Two of Manchester’s historic landmarks, the Barton Aqueduct and City Airport, formerly known as Barton Aerodrome, have been awarded Transport Heritage Site plaques for their national contributions to transport and engineering.
Both owned by The Peel Group, City Airport and Barton Aqueduct have been honoured with the renowned ‘Red Wheel’ plaques, issued by the Transport Trust, the charity that works to recognise the unique transport heritage of the country.
The plaques have been awarded based on the important contributions both sites have made to transport and engineering in the local area and nationally, with both holding firsts in their fields.
The Barton Aqueduct, first built by James Brindley in 1761 and rebuilt in 1893 by Edward Leader Williams, was modified from a masonry structure to its current swing construction to accommodate seafaring ships using the Manchester Ship Canal. Upon its opening – and to this day – it was the first, and only, swing aqueduct in the world, and is still used today by narrowboats traversing the Bridgewater Canal.
Peter Parkinson, the Bridgewater Canal General Manager, said: “It’s fantastic to receive this recognition for the famous Barton Aqueduct Swing Bridge. The aqueduct is a historic and unique engineering marvel which carries the Bridgewater Canal across the Manchester Ship Canal. We hope that the Red Wheel plaque will encourage more people to visit the aqueduct and see this fascinating piece of Manchester’s history in the making.”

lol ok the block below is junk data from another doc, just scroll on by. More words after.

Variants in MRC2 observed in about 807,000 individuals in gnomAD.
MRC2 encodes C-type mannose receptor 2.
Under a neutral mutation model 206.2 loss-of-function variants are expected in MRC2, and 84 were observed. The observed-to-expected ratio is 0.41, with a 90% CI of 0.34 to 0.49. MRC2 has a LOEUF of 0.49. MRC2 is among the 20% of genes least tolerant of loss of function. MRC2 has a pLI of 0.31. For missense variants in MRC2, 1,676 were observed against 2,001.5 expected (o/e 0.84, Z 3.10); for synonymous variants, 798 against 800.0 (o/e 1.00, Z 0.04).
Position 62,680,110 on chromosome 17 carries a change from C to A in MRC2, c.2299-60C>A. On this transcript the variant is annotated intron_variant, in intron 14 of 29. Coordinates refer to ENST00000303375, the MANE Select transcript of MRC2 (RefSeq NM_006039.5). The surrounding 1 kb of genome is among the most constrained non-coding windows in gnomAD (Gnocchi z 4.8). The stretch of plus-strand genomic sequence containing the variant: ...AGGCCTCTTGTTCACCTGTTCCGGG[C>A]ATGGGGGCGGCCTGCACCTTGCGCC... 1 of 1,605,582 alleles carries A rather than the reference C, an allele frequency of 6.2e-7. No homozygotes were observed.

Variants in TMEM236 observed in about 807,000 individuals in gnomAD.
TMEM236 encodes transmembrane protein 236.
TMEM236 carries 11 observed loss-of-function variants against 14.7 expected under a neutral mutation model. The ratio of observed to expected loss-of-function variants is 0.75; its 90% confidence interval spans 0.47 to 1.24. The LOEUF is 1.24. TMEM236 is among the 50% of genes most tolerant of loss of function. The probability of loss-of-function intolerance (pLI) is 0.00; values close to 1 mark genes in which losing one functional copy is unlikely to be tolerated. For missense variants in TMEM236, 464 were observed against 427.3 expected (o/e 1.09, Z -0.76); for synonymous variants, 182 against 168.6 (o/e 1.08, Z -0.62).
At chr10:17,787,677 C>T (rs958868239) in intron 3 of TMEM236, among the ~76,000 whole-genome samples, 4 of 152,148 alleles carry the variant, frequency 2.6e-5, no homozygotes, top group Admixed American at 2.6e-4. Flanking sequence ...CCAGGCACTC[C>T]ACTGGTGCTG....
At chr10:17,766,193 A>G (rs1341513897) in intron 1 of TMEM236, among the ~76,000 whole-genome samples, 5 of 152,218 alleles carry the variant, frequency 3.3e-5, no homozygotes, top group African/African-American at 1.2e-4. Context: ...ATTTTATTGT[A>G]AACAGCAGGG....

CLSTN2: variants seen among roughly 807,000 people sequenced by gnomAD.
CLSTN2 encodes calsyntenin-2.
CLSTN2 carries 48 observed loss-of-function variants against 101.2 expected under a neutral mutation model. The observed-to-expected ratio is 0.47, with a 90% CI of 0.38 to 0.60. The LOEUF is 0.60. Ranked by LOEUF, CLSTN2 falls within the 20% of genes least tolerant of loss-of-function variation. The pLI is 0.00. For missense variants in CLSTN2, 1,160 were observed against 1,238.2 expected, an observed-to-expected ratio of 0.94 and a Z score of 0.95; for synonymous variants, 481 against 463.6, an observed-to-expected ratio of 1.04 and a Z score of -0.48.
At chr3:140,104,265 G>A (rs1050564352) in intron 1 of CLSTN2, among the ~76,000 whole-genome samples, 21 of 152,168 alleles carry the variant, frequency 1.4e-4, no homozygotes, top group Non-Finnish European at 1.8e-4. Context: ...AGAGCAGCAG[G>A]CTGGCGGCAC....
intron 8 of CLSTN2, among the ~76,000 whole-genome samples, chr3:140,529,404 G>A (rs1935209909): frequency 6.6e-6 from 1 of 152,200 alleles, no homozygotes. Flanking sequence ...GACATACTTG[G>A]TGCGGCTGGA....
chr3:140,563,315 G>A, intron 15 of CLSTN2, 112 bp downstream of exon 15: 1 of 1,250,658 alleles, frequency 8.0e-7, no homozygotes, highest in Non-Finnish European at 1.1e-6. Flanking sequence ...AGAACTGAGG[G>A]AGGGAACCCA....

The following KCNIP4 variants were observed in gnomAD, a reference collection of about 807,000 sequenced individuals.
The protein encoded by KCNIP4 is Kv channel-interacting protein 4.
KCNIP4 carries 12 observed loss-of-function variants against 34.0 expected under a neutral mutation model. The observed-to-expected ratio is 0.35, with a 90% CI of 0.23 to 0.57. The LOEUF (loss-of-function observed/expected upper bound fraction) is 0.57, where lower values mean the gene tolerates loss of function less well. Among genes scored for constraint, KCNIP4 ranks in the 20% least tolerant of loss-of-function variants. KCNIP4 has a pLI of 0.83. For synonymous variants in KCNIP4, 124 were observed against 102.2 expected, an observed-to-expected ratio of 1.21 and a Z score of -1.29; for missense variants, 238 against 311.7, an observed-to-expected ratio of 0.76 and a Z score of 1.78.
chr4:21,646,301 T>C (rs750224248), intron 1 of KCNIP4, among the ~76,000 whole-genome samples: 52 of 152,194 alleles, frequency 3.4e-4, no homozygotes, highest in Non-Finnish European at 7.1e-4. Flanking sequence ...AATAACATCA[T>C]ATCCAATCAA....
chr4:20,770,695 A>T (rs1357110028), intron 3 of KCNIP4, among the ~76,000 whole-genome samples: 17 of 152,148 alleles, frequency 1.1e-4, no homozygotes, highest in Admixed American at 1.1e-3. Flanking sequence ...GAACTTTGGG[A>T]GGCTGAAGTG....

The Barton Aerodrome, now known as City Airport, was Britain’s first municipal airport. It opened in 1930, predating Manchester Ringway (now Manchester Airport) by eight years, and has the oldest continually used control tower in the UK, in operation since 1932.
Nick Duriez, Airport Director at City Airport, said: “We’re honoured that City Airport’s unique heritage has been recognised by the Transport Trust with the award of a Red Wheel. As a small airfield, it is a great tribute that our part in transforming municipal air travel is recognised. We’re also pleased to see our control tower receive the award of the oldest continually used control tower in the UK. These accolades, I’m sure, will put City Airport on the map for those interested in air history”.
The ‘Red Wheel’ plaques were unveiled by Sir William McAlpine, President of The Transport Trust, who said: “Our Red Wheel plaques commemorate Britain's rich and globally important legacy in the development of transport and highlight key locations of engineering and transport importance. Both Barton Aqueduct and City Airport (Barton Aerodrome) are hugely significant in Britain’s history of transport and we’re delighted to award these plaques for current and future generations to see.”
Video showing Barton Aqueduct Swing Bridge in action: www.traffordcity.co.uk/whatshere/thebridgewatercanal